The time might be ripe for Anthony to cross over from the limited world of Latin pop. Besides “Capeman,” his visibility in the Anglo world has been heightened by acting stints in some arty movies, notably “Big Night,” and his upcoming vocal on the soundtrack of the Antonio Banderas film “The Mask of Zorro.” And after being courted by DreamWorks and other major labels, Anthony finally has reached a multi-album agreement with Sony to record music in English.
The singer is, indeed, eager to expand his musical horizons to the Anglo market, though he doesn’t want to abandon salsa.
He believes the “Capeman” experience was pivotal in his decision to reach beyond Latin music, saying it made him a much more confident performer.
“I would do it all over again,” he says of his involvement with the failed musical. “It was like going to Harvard for three years. And the play worked for me, because I got great reviews. I walked away with a piece of life, a moment of wisdom.”
As much as working with Simon, the thrill of “Capeman” was being on equal footing with actor-singer Ruben Blades, who was both his idol and mentor.
“It was surreal,” Anthony says of working with Blades. “I mean, how often do you find yourself as vulnerable as your mentor? . . . Being scared of the same things?”
He pauses, as if still touched by the memory of the two men bonding in the musical.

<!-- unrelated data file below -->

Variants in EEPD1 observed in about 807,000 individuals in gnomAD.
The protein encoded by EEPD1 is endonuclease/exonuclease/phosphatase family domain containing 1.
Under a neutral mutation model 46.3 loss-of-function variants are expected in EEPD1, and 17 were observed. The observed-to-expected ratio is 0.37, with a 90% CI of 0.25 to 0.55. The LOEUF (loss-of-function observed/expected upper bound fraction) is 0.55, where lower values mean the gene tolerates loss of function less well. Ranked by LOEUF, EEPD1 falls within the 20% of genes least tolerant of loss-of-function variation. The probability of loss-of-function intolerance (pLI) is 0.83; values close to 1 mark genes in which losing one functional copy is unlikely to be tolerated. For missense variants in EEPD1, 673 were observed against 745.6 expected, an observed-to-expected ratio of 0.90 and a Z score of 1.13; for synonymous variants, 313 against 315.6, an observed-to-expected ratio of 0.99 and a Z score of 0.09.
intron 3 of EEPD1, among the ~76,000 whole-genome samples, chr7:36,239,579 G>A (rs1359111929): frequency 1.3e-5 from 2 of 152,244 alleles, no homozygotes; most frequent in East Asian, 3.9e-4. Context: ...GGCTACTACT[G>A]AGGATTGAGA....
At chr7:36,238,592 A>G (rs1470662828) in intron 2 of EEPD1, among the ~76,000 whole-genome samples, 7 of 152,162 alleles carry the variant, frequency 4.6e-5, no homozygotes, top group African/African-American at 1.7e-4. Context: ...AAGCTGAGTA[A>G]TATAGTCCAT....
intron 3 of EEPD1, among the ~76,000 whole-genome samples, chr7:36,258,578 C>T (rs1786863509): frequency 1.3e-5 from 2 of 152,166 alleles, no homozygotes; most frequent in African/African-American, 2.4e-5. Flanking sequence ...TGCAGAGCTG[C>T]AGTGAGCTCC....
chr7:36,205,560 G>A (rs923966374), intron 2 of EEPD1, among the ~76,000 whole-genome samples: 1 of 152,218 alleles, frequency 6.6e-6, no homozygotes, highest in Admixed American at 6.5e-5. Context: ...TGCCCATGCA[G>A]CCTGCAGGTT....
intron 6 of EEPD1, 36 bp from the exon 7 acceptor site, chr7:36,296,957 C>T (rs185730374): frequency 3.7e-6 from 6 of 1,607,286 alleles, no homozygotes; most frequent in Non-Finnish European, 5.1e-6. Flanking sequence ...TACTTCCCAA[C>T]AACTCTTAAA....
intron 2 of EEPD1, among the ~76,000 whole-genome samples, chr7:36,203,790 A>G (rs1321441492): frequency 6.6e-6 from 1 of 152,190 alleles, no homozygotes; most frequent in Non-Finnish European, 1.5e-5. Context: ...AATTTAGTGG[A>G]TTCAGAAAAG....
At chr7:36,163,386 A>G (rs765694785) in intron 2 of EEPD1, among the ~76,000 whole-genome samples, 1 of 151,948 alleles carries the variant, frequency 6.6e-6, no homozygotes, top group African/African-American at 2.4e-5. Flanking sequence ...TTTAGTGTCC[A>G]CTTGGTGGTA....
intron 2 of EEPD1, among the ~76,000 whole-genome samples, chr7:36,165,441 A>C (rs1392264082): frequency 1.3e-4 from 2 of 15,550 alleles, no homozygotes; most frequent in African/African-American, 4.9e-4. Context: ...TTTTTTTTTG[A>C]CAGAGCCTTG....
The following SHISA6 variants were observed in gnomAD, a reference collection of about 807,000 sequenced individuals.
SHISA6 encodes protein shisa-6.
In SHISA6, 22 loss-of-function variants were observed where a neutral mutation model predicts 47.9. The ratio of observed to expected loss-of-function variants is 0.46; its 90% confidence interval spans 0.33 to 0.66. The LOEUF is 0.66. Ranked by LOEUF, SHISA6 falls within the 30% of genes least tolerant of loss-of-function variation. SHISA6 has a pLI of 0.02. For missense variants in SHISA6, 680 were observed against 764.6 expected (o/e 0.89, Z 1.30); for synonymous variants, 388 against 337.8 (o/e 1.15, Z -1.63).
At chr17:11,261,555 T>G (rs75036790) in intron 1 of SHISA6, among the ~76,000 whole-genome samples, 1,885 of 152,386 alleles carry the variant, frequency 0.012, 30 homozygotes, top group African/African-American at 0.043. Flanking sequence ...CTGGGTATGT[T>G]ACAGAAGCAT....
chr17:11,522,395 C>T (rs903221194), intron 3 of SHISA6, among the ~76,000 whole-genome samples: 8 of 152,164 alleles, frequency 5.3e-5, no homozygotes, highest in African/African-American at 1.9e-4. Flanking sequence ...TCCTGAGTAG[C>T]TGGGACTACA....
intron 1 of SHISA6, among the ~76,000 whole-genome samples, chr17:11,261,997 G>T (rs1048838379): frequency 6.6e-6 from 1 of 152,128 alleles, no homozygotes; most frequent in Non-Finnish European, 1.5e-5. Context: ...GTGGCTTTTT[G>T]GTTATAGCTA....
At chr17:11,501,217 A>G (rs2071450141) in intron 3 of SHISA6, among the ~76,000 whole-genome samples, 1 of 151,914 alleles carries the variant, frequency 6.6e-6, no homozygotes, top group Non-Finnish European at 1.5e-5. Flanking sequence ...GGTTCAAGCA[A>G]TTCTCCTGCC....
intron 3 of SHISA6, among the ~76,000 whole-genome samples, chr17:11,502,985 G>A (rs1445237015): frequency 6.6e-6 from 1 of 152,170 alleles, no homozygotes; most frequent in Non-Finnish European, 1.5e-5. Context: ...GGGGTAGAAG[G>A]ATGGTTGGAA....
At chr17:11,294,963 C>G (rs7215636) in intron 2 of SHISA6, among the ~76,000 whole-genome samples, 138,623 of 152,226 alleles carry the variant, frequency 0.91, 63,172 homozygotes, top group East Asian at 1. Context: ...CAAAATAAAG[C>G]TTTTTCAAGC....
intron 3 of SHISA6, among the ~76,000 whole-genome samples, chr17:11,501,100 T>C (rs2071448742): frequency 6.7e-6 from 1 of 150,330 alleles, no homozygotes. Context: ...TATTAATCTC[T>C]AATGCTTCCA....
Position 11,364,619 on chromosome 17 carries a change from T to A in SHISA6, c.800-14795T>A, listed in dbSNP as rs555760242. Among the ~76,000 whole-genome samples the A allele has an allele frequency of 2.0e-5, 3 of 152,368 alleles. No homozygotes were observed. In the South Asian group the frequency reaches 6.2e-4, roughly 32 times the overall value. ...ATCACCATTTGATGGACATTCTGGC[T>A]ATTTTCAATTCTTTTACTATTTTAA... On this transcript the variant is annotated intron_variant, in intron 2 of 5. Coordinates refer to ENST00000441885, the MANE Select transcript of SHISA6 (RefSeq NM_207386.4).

“I can close my eyes and say I’ve lived every dream,” he says finally. “Being Ruben’s friend is a badge of honor, and a symbol of how far I’ve come.”
Marc Anthony, Greek Theatre, 2700 N. Vermont Ave. June 27, 7:30 p.m. $25-$45. (213) 480-3232.
MARIACHI MEMORIES: One of the delights of idle channel surfing is coming across an old black-and-white movie on one of the Hispanic stations--seeing, for instance, Antonio Aguilar or Pedro Infante serenading the beauty of their dreams, accompanied by a traditional mariachi orchestra.
Such nostalgic imagery will be saluted at this year’s ninth annual Mariachi USA Festival, which will be held Saturday and next Sunday at the Hollywood Bowl.
“For a long time in the history of Mexican film, music and cinema were synonymous,” says Rodri J. Rodriguez, creator of the festival. “In the ‘30s, ‘40s and ‘50s, films were being written around mariachi songs, just like in the U.S. at the same time, where film musicals were based on songs. Thus, a very intimate relationship was forged.”
The plan next weekend is to alternate live music by such mariachi ensembles as Mariachi Cobre and the female orchestras of Mariachi Las Adelitas and Mariachi Las Alondras with images from classic films. The latter will be projected on a 16-by-20 foot screen.
The appearance of two female mariachi orchestras is a feat in itself. Before 1991, finding a female ensemble was impossible, which prompted Rodriguez to create one herself, calling on all the performers she knew that worked in male-dominated orchestras. This inspired other women to create new, female-only ensembles such as Las Alondras and Las Adelitas.
Mariachi USA Festival with Mariachi 2000, Mariachi Cobre, Mariachi Las Adelitas, Mariachi Las Alondras and others, Hollywood Bowl, 2301 N. Highland Ave. Saturday, 6 p.m.; next Sunday, 5 p.m. $12.50-$75. (213) 850-2000.